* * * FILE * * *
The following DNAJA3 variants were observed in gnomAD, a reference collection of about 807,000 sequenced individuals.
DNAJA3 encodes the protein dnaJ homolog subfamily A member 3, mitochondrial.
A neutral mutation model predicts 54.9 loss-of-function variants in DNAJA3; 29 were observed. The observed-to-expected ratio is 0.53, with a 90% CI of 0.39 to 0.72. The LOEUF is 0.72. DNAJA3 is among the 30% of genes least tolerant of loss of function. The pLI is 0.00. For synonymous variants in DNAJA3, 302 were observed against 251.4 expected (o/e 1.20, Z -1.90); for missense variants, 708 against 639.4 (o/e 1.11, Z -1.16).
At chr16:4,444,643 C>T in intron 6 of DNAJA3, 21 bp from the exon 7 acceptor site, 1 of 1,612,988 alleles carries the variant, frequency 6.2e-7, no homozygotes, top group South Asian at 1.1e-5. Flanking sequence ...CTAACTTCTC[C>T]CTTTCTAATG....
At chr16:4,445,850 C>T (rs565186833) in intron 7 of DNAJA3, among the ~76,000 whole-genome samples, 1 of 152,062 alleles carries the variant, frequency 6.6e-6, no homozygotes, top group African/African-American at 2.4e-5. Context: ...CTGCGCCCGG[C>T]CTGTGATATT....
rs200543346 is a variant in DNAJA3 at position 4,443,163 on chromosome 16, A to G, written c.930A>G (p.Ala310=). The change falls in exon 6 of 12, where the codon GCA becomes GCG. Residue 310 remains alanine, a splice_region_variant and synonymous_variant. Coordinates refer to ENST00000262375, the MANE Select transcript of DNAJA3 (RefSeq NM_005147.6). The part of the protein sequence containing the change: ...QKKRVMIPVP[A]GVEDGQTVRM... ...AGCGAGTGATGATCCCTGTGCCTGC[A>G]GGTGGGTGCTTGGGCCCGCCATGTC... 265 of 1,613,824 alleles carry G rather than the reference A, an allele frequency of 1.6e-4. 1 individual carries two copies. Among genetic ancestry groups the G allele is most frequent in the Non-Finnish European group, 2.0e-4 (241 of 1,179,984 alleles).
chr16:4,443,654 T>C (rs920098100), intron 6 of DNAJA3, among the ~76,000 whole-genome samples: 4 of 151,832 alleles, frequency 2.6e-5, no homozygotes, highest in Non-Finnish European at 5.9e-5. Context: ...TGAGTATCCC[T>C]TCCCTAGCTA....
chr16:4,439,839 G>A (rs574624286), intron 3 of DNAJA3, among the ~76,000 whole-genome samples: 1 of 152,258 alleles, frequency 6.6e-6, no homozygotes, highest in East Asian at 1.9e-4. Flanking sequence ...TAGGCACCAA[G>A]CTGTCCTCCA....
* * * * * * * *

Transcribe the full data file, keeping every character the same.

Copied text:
The following DNAJA3 variants were observed in gnomAD, a reference collection of about 807,000 sequenced individuals.
DNAJA3 encodes the protein dnaJ homolog subfamily A member 3, mitochondrial.
A neutral mutation model predicts 54.9 loss-of-function variants in DNAJA3; 29 were observed. The observed-to-expected ratio is 0.53, with a 90% CI of 0.39 to 0.72. The LOEUF is 0.72. DNAJA3 is among the 30% of genes least tolerant of loss of function. The pLI is 0.00. For synonymous variants in DNAJA3, 302 were observed against 251.4 expected (o/e 1.20, Z -1.90); for missense variants, 708 against 639.4 (o/e 1.11, Z -1.16).
At chr16:4,444,643 C>T in intron 6 of DNAJA3, 21 bp from the exon 7 acceptor site, 1 of 1,612,988 alleles carries the variant, frequency 6.2e-7, no homozygotes, top group South Asian at 1.1e-5. Flanking sequence ...CTAACTTCTC[C>T]CTTTCTAATG....
At chr16:4,445,850 C>T (rs565186833) in intron 7 of DNAJA3, among the ~76,000 whole-genome samples, 1 of 152,062 alleles carries the variant, frequency 6.6e-6, no homozygotes, top group African/African-American at 2.4e-5. Context: ...CTGCGCCCGG[C>T]CTGTGATATT....
rs200543346 is a variant in DNAJA3 at position 4,443,163 on chromosome 16, A to G, written c.930A>G (p.Ala310=). The change falls in exon 6 of 12, where the codon GCA becomes GCG. Residue 310 remains alanine, a splice_region_variant and synonymous_variant. Coordinates refer to ENST00000262375, the MANE Select transcript of DNAJA3 (RefSeq NM_005147.6). The part of the protein sequence containing the change: ...QKKRVMIPVP[A]GVEDGQTVRM... ...AGCGAGTGATGATCCCTGTGCCTGC[A>G]GGTGGGTGCTTGGGCCCGCCATGTC... 265 of 1,613,824 alleles carry G rather than the reference A, an allele frequency of 1.6e-4. 1 individual carries two copies. Among genetic ancestry groups the G allele is most frequent in the Non-Finnish European group, 2.0e-4 (241 of 1,179,984 alleles).
chr16:4,443,654 T>C (rs920098100), intron 6 of DNAJA3, among the ~76,000 whole-genome samples: 4 of 151,832 alleles, frequency 2.6e-5, no homozygotes, highest in Non-Finnish European at 5.9e-5. Context: ...TGAGTATCCC[T>C]TCCCTAGCTA....
chr16:4,439,839 G>A (rs574624286), intron 3 of DNAJA3, among the ~76,000 whole-genome samples: 1 of 152,258 alleles, frequency 6.6e-6, no homozygotes, highest in East Asian at 1.9e-4. Flanking sequence ...TAGGCACCAA[G>A]CTGTCCTCCA....